Posing as customer support agents, scammers and fraudsters will use platforms such as Twitter and Discord to initiate contact. Once contact has been established, they will typically inform you of an issue with your account. A fake link leading to a fake website will then be provided, requesting your private wallet keys in order to resolve said issue. This scam takes aspects from many of the above methods, making it so convincing.

How to Avoid Customer Support Scams

Most entities within the NFT space will clearly state that you’ll never be contacted directly via any social platform and that all contact should be through official channels. Stick to this rule and you should be OK. If in doubt, reach out to support through proper links that can be found on websites.

Airdrop and Giveaway Scams

Scammers posing as team members for projects will reach out via social channels and prey on our desperation for quick profits. Discord is rife with this, as you’ll no doubt have an inbox full of messages informing you that you’ve been chosen for WL or free mint. Those that fall victim will be led to a dangerous website asking for wallet keys to gain access to rewards and riches.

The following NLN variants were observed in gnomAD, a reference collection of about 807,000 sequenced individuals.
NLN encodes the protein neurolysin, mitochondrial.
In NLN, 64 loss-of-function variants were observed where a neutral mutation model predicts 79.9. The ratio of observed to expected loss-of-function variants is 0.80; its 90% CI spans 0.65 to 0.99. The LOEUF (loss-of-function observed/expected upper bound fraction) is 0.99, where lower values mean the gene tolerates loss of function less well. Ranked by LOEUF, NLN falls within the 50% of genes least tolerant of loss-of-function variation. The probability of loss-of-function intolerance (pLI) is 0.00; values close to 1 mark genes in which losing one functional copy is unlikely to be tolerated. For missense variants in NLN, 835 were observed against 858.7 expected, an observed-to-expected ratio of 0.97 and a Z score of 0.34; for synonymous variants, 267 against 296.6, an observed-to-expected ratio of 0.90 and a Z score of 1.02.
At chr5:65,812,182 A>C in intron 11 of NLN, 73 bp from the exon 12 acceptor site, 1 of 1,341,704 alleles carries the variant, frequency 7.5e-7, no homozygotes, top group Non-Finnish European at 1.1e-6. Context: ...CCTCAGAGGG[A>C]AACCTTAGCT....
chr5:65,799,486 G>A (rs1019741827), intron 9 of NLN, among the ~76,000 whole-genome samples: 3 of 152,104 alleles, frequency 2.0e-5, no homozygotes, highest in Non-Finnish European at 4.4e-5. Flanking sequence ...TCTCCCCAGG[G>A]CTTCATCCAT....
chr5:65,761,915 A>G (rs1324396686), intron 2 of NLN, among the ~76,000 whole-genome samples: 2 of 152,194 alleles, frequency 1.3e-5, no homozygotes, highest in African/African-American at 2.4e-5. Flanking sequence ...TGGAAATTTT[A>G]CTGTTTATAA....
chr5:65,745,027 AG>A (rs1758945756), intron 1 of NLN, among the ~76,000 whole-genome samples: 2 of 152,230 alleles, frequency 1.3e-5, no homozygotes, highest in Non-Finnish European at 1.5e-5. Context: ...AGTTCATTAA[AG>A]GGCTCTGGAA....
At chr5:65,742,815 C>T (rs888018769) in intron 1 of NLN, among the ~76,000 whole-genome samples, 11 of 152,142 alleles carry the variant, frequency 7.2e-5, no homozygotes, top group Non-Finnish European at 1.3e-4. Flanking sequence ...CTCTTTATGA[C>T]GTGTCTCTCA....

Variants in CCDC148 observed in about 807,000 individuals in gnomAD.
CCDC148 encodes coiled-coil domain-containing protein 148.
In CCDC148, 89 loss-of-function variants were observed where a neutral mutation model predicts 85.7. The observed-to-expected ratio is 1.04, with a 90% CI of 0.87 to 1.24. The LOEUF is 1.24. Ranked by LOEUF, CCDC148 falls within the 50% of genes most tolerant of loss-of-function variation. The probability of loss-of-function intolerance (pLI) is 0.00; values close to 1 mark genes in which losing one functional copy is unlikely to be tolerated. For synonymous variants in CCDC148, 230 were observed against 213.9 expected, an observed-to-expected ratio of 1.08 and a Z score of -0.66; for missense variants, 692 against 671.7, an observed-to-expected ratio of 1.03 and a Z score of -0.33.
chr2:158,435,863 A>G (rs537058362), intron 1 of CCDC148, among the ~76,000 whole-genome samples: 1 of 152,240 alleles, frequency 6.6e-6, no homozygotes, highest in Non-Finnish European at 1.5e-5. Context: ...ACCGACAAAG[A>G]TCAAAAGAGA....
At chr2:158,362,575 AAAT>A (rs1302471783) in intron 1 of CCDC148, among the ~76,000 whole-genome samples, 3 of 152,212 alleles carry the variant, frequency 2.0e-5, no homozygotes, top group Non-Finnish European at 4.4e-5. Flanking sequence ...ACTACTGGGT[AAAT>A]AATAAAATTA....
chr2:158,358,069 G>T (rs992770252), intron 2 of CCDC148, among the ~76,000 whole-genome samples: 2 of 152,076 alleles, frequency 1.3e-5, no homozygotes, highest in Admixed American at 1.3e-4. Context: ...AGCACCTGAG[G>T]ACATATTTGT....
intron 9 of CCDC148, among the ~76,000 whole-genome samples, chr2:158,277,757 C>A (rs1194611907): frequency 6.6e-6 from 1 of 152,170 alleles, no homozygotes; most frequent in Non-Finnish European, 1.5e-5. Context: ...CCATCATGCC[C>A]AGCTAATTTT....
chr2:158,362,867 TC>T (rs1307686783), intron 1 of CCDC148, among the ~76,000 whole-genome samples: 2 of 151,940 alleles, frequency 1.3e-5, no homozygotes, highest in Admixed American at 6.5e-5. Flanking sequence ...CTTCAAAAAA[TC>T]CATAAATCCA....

How to avoid Airdrop and Giveaway Scams

Don’t click on these links and never share your sensitive information with anyone, they will clear your wallet without hesitation.

The NFT space provides an incredible opportunity to create life changing levels of wealth but as always, where there are vast sums of money, the scammers will follow. As the community grows so will the number of awful humans wanting to illegally take our money, especially when we finally see the bull market return. Just be extra cautious and never buy into anything, if you have even a slither of doubt.